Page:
It's a little bit old question, but if you still want to know..
There are 2 typical scenarios, what gertvdijk and pl1nk were arguing in one of the answers:
You have a computer with 2 public IPs (2 different ISPs) and you connect to another host (e.g. a server in a datacenter with a fat pipe that's bigger than the aggregate bandwidth of both ISP connections of your computer). So you establish a bonding connection to the host via your 2 connections and then the host (server) serves your traffic via its own internet connection. In this scenario, you can get almost 100% of the combined bandwidth in both directions for a single connection.
This is a particular case of bonding/teaming/ling aggregation where multiple layer 2 (same network) interfaces are joined together. It could be achieved by establishing VPN layer 2 (tap) connections on each ISP interface from the computer to the host and bonding them together (round-robin mode) to have a single interface. The limiting factor in this scenario is how different are the delays (ping) on each ISP connection to the host. The more similar and stable they are, the better. We use it in one of our installations, it works well. If you would like to know the details about how to implement it just let me know.
Then another scenario would be without an intermediate host, i.e. a direct connection from your ISP interfaces to various webservers around the world. In this case the best you can get is to evenly distribute outgoing connections between the interfaces – i.e. one TCP session goes entirely via one ISP, a second session via another and so on. It is so because when you establish a TCP connection, it has origin and destination IP addresses for each packet and when a server receives a packet from another IP for which a TCP handshake was not performed, it considers the packet as erroneous and drops it. As each ISP connection has its own public IP, for the same TCP session you can't send one packet via one connection from one IP and another via another connection with another IP.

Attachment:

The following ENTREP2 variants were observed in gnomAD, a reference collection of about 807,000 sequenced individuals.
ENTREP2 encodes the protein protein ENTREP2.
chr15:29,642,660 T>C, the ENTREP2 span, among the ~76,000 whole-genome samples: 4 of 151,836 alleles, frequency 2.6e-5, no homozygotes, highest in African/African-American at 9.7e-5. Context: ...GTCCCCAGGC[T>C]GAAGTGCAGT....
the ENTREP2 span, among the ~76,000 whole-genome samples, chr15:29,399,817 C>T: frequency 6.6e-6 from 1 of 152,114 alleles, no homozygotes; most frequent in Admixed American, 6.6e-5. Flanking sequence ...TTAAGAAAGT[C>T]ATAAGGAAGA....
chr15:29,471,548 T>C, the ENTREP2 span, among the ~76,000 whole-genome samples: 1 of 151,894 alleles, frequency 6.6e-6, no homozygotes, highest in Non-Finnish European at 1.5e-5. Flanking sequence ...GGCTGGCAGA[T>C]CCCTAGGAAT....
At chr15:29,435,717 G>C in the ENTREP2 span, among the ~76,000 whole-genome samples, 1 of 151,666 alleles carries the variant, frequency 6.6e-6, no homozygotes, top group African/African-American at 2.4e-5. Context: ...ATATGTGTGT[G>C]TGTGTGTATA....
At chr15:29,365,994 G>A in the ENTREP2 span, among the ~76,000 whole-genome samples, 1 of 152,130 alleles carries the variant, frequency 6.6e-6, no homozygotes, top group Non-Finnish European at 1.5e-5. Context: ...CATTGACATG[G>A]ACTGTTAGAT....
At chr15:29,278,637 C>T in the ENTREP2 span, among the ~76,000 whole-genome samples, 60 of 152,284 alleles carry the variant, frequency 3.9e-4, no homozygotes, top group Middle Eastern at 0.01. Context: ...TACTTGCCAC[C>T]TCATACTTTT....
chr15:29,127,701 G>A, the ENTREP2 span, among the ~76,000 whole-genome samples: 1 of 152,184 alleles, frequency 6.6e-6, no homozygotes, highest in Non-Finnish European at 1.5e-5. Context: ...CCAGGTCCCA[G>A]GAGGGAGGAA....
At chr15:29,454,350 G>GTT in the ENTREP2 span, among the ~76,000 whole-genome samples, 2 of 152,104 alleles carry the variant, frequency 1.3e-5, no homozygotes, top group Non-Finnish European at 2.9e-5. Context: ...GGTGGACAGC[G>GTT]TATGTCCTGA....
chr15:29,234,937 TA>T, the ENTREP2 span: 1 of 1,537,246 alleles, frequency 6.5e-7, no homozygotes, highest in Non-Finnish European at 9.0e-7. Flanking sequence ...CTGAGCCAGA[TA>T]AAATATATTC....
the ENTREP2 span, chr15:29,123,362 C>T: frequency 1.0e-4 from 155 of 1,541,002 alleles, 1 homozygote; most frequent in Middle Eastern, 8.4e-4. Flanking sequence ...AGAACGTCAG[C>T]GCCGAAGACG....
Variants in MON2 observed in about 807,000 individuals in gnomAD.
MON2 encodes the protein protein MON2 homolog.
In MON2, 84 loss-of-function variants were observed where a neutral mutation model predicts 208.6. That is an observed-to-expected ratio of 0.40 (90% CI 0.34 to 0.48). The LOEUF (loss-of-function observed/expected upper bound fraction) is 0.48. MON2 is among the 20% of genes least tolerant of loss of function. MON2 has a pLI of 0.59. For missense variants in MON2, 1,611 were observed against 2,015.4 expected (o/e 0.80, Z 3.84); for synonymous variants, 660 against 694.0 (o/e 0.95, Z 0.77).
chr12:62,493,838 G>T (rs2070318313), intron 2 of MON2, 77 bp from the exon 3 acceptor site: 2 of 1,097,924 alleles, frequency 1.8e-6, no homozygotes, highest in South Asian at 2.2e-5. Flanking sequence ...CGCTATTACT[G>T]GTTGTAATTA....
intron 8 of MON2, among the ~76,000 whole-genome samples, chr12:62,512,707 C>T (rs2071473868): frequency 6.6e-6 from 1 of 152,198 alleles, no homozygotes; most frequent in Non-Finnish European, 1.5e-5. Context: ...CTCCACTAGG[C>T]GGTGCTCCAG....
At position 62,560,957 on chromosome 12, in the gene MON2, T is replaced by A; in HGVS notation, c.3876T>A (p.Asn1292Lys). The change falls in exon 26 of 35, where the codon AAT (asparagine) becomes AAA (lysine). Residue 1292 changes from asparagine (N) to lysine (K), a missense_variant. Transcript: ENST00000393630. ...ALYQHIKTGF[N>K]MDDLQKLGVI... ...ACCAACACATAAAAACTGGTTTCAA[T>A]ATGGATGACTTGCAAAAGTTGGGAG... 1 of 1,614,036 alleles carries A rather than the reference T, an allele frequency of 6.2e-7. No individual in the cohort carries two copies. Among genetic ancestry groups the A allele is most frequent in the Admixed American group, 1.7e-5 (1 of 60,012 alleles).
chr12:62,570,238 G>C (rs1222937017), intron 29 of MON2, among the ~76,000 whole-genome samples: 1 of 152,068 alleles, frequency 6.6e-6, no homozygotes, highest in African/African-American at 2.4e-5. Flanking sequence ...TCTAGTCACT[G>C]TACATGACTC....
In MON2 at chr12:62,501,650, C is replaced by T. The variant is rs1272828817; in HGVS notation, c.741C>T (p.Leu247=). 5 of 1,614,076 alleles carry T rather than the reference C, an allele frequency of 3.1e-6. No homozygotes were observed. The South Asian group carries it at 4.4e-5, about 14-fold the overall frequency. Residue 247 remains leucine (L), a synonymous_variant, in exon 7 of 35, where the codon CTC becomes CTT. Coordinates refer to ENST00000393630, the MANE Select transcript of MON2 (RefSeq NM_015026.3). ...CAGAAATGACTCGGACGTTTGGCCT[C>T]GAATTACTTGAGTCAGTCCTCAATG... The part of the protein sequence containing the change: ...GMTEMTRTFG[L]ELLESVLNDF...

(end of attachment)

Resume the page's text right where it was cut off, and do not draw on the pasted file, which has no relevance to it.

You won't achieve as high aggregate bandwidth utilization for a single computer as with the first scenario, but for a small office it could be a good solution. What you can do to extend it a little bit is to implement custom solutions for specific protocols. For example you could have some sort of a proxy on the gateway (which could be the same computer) for http downloads and ask for different parts of a huge file establishing different TCP sessions via different ISP interfaces. In this case the resulting download rate would be near 100% of the combined bandwidth. It's like offloading to the gateway what ReGet, GetRight and similar downloaders do. Google 'HTTP 206 Partial Content'. I don’t know any out-of-the-box open-source solutions for this scenario, but there are hardware appliances that do exactly this: google 'mushroom networks'.